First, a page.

—they say—God, when he walked on earth.”
This, and others like it, was the kind of verse that earned Jeffers a place in the pantheon of antihumanism, and to many critics anti-Americanism. But there is optimism in this poem, rising like fruit from Jeffers’ fading flower. In a time in the United States with some of the same challenges as the first two decades of the twentieth century (from pandemic to wealth inequality) Jeffers’ reassurance that “corruption / Never has been compulsory” is a reminder that we can do better. Maybe.
But not all Jeffers poems read like a Cormac McCarthy novel. Many do, but not all of them.
“The House Dog’s Grave” has a sweetness to it; Jeffers turning his pen to the feelings of a deceased pet. Maybe it’s because we just lost one of our own furry family members at my household (Chester, a loving nineteen year old tabby), but reading the poem felt comforting in a way that not many of Jeffers’ poems do.
I’ve changed my ways a little; I cannot now
Run with you in the evenings along the shore,
Except in a kind of dream; and you, if you dream a moment,
You see me there.
So leave awhile the paw-marks on the front door
Where I used to scratch to go out or in,
And you’d soon open; leave on the kitchen floor
The marks of my drinking pan.
I cannot lie by your fire as I used to do
On the warm stone,
Nor at the foot of your bed; no, all the night through
I lie alone.
But your kind thought has laid me less than six feet
Outside your window where firelight so often plays,
And where you sit to read–and I fear often grieving for me–
Every night your lamplight lies on my place.
You, man and woman, live so long, it is hard
To think of you ever dying
A little dog would get tired, living so long.
I hope than when you are lying
Under the ground like me your lives will appear
As good and joyful as mine.
No, dear, that’s too much hope: you are not so well cared for
As I have been.
And never have known the passionate undivided
Fidelities that I knew.
Your minds are perhaps too active, too many-sided. . . .
But to me you were true.
You were never masters, but friends. I was your friend.
I loved you well, and was loved. Deep love endures
To the end and far past the end. If this is my end,
I am not lonely. I am not afraid. I am still yours.”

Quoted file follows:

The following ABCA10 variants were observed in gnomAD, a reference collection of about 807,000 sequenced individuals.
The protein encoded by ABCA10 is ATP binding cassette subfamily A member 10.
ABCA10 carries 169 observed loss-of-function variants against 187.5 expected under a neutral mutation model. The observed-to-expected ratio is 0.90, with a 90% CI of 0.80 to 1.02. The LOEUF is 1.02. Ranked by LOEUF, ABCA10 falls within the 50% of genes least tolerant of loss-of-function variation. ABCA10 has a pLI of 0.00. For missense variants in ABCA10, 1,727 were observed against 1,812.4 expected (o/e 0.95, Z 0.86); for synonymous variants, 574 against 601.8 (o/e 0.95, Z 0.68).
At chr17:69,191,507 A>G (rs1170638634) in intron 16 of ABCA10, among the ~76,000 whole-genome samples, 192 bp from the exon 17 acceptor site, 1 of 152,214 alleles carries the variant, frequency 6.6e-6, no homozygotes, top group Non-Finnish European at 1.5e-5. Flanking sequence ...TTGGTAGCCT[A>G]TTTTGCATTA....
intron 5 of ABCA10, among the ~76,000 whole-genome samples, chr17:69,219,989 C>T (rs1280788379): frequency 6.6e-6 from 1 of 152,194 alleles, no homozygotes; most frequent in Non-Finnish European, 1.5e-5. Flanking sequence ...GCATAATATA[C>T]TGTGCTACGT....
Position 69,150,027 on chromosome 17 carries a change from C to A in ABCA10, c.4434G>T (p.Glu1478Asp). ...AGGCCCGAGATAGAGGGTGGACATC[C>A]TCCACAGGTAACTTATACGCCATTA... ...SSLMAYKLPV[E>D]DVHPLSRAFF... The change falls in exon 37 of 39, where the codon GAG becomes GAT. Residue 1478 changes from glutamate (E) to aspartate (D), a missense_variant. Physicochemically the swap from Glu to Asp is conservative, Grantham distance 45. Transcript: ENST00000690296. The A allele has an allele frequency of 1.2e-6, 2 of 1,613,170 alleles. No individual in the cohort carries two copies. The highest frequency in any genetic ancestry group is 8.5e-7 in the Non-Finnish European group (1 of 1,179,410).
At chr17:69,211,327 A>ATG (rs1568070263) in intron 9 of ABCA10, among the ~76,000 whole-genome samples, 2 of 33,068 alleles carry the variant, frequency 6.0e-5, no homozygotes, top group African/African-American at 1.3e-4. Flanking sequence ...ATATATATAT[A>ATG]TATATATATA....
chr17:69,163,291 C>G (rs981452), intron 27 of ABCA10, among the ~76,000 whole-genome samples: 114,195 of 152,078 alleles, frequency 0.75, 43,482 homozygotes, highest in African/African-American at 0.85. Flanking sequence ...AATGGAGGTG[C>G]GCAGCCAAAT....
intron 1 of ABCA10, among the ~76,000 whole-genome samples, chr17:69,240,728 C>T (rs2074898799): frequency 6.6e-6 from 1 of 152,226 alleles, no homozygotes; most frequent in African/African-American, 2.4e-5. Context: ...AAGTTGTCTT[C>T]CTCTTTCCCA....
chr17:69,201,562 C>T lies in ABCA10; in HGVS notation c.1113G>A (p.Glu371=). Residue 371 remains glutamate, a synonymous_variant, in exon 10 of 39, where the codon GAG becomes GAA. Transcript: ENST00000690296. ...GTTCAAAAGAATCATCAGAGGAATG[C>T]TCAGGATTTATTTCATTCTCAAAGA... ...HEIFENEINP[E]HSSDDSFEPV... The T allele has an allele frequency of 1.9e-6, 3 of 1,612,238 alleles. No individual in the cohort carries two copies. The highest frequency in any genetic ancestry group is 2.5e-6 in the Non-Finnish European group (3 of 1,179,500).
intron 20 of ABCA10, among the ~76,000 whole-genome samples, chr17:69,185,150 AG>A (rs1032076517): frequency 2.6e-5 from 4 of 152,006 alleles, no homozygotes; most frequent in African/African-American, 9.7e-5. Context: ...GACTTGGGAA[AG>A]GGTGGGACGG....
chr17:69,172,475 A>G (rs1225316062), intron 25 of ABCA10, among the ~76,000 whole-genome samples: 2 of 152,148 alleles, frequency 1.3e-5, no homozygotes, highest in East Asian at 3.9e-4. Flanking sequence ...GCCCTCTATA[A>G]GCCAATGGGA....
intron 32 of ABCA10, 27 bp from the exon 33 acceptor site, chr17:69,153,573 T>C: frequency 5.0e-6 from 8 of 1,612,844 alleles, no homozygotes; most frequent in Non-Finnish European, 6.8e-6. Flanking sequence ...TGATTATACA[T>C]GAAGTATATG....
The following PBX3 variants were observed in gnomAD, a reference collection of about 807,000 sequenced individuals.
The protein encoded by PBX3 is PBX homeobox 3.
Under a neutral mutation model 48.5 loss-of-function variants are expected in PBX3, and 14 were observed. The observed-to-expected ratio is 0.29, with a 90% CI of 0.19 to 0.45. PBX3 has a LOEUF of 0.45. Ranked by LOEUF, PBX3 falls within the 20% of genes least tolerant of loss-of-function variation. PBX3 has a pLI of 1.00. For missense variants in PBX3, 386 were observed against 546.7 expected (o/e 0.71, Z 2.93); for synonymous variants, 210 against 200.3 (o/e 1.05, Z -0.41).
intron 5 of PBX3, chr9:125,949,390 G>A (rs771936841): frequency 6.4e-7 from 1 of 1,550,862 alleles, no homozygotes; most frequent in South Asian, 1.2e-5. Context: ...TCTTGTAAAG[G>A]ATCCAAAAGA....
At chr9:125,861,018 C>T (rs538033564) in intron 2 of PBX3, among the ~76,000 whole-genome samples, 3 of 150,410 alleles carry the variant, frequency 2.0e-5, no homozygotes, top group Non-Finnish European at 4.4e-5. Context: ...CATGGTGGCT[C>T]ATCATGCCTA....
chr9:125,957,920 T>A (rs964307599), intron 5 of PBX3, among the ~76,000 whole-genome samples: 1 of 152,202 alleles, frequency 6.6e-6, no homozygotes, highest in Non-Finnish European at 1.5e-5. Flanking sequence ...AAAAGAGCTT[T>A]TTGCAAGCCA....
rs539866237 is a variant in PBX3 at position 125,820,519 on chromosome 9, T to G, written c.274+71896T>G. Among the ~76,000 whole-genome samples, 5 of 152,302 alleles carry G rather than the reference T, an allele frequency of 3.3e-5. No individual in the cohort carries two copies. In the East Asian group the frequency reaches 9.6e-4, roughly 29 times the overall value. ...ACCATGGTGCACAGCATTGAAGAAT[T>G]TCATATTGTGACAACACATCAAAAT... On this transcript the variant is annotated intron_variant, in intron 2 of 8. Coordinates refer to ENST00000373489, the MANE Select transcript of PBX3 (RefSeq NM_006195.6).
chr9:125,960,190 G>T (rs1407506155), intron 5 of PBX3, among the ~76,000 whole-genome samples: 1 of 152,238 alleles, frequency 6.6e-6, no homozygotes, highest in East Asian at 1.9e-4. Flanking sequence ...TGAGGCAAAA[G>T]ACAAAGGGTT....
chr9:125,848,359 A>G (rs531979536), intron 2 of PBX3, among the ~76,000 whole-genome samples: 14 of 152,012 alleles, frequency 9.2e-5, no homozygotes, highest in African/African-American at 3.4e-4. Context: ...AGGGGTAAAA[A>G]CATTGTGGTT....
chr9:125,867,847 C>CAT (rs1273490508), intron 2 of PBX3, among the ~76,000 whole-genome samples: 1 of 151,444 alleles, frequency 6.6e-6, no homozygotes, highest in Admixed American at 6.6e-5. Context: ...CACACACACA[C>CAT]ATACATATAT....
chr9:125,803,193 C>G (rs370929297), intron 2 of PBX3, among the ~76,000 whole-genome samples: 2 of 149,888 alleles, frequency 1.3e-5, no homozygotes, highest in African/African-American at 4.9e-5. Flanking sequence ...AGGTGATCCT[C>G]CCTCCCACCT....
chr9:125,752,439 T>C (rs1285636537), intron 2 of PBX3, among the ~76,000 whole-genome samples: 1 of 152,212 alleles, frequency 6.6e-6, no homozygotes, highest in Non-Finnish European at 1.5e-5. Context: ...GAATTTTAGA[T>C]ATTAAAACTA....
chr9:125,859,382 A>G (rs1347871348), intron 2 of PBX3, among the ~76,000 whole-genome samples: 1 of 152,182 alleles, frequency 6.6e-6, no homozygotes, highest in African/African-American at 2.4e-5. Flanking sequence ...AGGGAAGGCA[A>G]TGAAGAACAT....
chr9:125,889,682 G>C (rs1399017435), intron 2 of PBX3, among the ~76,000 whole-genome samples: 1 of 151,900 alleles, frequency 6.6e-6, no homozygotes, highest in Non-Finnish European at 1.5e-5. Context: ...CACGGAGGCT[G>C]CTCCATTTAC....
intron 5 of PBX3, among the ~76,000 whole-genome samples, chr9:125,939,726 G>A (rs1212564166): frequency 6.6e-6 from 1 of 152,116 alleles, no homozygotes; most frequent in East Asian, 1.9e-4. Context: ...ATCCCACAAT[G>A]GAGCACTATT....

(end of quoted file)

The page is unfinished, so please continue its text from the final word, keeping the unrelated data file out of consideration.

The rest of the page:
Mary Oliver would be proud.
Men have less warmth in Jeffers’ poetic universe than the house dog of that poem. In “Leave them Alone” he shouts from his tower to the world around:
If God has been good enough to give you a poet
Then listen to him. But for God’s sake let him alone until he is dead;
no prizes, no ceremony,
They kill the man. A poet is one who listens
To nature and his own heart; and if the noise of the world grows up
around him, and if he is tough enough,
He can shake off his enemies, but not his friends.
That is what withered Wordsworth and muffled Tennyson, and would have
killed Keats; that is what makes
Hemingway play the fool and Faulkner forget his art.”
Jeffers was on the cover of Time magazine in 1932, thirty years before this poem was published, but enough of that.
Selected Poems covers half a century of verse, and does a nice job capturing the stormy nature of a poet who lived on a bluff overlooking the sea. Reading a lot of poetry this year has reminded me of the importance poetry can play in the world we live in, as a Cassandra shouting out against the craziness of the world, a chronicler of the spirit of the times, and as a perspective that spans eras, drawing us closer together as people. Even if Jeffers might think us less significant than birds.
This year of poetry has also reinforced how right Jeffers is when he tells us that a poet is one who listens / To nature and his own heart.” Now, I think it’s time to go build a stone tower…
Continuing this year of poetry next week with Bone by Yrsa Daley-Ward.